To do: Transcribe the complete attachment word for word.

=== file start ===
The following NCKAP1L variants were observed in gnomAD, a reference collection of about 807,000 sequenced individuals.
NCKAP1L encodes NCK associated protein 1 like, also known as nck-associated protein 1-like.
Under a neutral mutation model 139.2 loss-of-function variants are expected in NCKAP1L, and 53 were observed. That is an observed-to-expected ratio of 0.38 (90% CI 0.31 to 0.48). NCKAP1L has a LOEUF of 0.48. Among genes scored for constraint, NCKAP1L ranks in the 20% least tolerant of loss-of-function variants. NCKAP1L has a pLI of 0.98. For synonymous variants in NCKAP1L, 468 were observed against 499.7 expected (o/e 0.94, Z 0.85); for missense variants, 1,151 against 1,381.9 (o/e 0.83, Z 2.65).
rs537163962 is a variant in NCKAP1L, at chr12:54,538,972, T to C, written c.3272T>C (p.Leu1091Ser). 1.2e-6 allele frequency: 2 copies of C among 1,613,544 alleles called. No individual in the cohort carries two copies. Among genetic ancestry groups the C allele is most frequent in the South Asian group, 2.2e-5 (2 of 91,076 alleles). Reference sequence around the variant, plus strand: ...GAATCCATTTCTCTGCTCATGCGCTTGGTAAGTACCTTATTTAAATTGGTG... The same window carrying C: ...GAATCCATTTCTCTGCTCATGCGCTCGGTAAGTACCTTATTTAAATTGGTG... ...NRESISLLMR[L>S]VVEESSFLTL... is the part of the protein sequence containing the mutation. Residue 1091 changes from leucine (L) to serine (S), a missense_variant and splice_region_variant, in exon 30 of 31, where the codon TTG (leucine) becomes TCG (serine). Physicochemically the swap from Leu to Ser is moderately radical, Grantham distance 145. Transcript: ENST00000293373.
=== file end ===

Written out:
The following NCKAP1L variants were observed in gnomAD, a reference collection of about 807,000 sequenced individuals.
NCKAP1L encodes NCK associated protein 1 like, also known as nck-associated protein 1-like.
Under a neutral mutation model 139.2 loss-of-function variants are expected in NCKAP1L, and 53 were observed. That is an observed-to-expected ratio of 0.38 (90% CI 0.31 to 0.48). NCKAP1L has a LOEUF of 0.48. Among genes scored for constraint, NCKAP1L ranks in the 20% least tolerant of loss-of-function variants. NCKAP1L has a pLI of 0.98. For synonymous variants in NCKAP1L, 468 were observed against 499.7 expected (o/e 0.94, Z 0.85); for missense variants, 1,151 against 1,381.9 (o/e 0.83, Z 2.65).
rs537163962 is a variant in NCKAP1L, at chr12:54,538,972, T to C, written c.3272T>C (p.Leu1091Ser). 1.2e-6 allele frequency: 2 copies of C among 1,613,544 alleles called. No individual in the cohort carries two copies. Among genetic ancestry groups the C allele is most frequent in the South Asian group, 2.2e-5 (2 of 91,076 alleles). Reference sequence around the variant, plus strand: ...GAATCCATTTCTCTGCTCATGCGCTTGGTAAGTACCTTATTTAAATTGGTG... The same window carrying C: ...GAATCCATTTCTCTGCTCATGCGCTCGGTAAGTACCTTATTTAAATTGGTG... ...NRESISLLMR[L>S]VVEESSFLTL... is the part of the protein sequence containing the mutation. Residue 1091 changes from leucine (L) to serine (S), a missense_variant and splice_region_variant, in exon 30 of 31, where the codon TTG (leucine) becomes TCG (serine). Physicochemically the swap from Leu to Ser is moderately radical, Grantham distance 145. Transcript: ENST00000293373.